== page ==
The ideology of Pakistan and its implementation

With the imposition of the first martial law, the constitutional and democratic ideals of Pakistan’s founding father, Mohammad Ali Jinnah, were disgraced publicly. That was why justifying the (first) martial law must have been a herculean task for Ayub Khan

It is known that an ideology in the name of Pakistan was discovered in 1958 by the then General Ayub Khan, who circulated a questionnaire with nine questions pertaining to said ideology that was endorsed by some people including Justice (retired) Javed Iqbal, who wrote a detailed response with suggestions published later in the form of a book titled The Ideology of Pakistan and Its Implementation in 1959. However, it is not known why the ideology was not the construct of an independent mentality originating in a thinking mind independent of external factors. In other words, why did Pakistan’s intellectuals and scholars fail to discover the ideology without the guidance of a military dictator? Why was a military dictator required to help Pakistanis see the absence of an ideology to steer the country in a certain (erroneous) direction? This question brings Pakistanis to the next question: who was a better intellectual, the person who originated and circulated the questionnaire or those amongst whom the questionnaire was circulated? Precisely speaking, who was a better intellectual: the person who asked questions or the people who answered them?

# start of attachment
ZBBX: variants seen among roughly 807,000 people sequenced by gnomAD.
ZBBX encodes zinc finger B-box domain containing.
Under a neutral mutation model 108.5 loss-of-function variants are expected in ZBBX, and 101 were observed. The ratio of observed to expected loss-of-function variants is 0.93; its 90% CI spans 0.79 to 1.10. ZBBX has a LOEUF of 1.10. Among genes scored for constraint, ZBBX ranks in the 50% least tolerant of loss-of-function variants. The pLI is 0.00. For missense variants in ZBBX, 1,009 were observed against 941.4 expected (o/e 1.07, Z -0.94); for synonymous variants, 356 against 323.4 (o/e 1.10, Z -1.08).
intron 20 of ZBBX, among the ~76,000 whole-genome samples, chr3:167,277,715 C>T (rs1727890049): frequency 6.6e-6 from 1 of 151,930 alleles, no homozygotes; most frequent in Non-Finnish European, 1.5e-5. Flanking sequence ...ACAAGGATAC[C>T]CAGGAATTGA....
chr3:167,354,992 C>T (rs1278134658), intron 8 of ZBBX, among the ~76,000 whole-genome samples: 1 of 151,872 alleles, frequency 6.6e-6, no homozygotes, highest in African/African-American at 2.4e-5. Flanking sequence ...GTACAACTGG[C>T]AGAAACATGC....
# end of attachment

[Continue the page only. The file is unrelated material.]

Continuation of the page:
General Ayub Khan must have been a great statesman. If he had not taken over the country after President Iskander Mirza abrogated the constitution of 1956 and declared martial law on October 7, 1958, the process of the discovery of the ideology would not have been possible. General Ayub Khan, after becoming the chief martial law administrator on October 27, 1958, showed that the discovery of the ideology was more important than sanctifying the constitution framed by the constituent assembly. He also showed that a military dictator was required at the helm of affairs not only to discover the ideology but also to implement it. In this way, the emergence of General Ayub Khan as a military dictator was a blessing in disguise, to discover the ideology and let others expound it.